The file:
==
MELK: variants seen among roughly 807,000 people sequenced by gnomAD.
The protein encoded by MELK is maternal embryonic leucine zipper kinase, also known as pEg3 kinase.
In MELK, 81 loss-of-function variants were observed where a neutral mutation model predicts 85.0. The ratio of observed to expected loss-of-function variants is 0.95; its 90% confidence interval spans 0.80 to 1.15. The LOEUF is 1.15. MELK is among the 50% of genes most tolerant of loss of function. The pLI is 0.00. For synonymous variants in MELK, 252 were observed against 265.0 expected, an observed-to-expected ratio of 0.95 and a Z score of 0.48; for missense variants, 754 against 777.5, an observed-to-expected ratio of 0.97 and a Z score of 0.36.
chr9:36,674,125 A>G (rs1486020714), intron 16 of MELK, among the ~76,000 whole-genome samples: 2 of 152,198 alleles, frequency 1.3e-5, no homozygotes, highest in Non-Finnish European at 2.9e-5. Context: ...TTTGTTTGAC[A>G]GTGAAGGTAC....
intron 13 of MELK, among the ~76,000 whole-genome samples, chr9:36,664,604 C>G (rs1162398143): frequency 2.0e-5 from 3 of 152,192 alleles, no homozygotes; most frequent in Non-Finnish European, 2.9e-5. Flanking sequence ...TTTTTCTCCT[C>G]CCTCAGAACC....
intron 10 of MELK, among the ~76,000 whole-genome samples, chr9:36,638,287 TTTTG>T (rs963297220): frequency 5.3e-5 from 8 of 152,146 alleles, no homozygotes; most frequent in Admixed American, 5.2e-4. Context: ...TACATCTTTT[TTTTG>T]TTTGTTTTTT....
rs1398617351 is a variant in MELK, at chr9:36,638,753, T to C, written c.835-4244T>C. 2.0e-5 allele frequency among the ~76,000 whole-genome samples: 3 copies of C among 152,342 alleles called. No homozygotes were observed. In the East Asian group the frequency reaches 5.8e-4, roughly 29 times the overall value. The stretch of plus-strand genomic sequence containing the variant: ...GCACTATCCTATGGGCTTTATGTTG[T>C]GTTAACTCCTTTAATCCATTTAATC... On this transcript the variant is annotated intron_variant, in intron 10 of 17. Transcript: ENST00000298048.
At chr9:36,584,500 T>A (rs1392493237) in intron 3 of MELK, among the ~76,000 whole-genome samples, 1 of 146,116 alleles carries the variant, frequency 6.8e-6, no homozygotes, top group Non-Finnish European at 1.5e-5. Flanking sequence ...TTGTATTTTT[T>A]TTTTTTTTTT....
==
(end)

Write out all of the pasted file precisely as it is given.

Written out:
MELK: variants seen among roughly 807,000 people sequenced by gnomAD.
The protein encoded by MELK is maternal embryonic leucine zipper kinase, also known as pEg3 kinase.
In MELK, 81 loss-of-function variants were observed where a neutral mutation model predicts 85.0. The ratio of observed to expected loss-of-function variants is 0.95; its 90% confidence interval spans 0.80 to 1.15. The LOEUF is 1.15. MELK is among the 50% of genes most tolerant of loss of function. The pLI is 0.00. For synonymous variants in MELK, 252 were observed against 265.0 expected, an observed-to-expected ratio of 0.95 and a Z score of 0.48; for missense variants, 754 against 777.5, an observed-to-expected ratio of 0.97 and a Z score of 0.36.
chr9:36,674,125 A>G (rs1486020714), intron 16 of MELK, among the ~76,000 whole-genome samples: 2 of 152,198 alleles, frequency 1.3e-5, no homozygotes, highest in Non-Finnish European at 2.9e-5. Context: ...TTTGTTTGAC[A>G]GTGAAGGTAC....
intron 13 of MELK, among the ~76,000 whole-genome samples, chr9:36,664,604 C>G (rs1162398143): frequency 2.0e-5 from 3 of 152,192 alleles, no homozygotes; most frequent in Non-Finnish European, 2.9e-5. Flanking sequence ...TTTTTCTCCT[C>G]CCTCAGAACC....
intron 10 of MELK, among the ~76,000 whole-genome samples, chr9:36,638,287 TTTTG>T (rs963297220): frequency 5.3e-5 from 8 of 152,146 alleles, no homozygotes; most frequent in Admixed American, 5.2e-4. Context: ...TACATCTTTT[TTTTG>T]TTTGTTTTTT....
rs1398617351 is a variant in MELK, at chr9:36,638,753, T to C, written c.835-4244T>C. 2.0e-5 allele frequency among the ~76,000 whole-genome samples: 3 copies of C among 152,342 alleles called. No homozygotes were observed. In the East Asian group the frequency reaches 5.8e-4, roughly 29 times the overall value. The stretch of plus-strand genomic sequence containing the variant: ...GCACTATCCTATGGGCTTTATGTTG[T>C]GTTAACTCCTTTAATCCATTTAATC... On this transcript the variant is annotated intron_variant, in intron 10 of 17. Transcript: ENST00000298048.
At chr9:36,584,500 T>A (rs1392493237) in intron 3 of MELK, among the ~76,000 whole-genome samples, 1 of 146,116 alleles carries the variant, frequency 6.8e-6, no homozygotes, top group Non-Finnish European at 1.5e-5. Flanking sequence ...TTGTATTTTT[T>A]TTTTTTTTTT....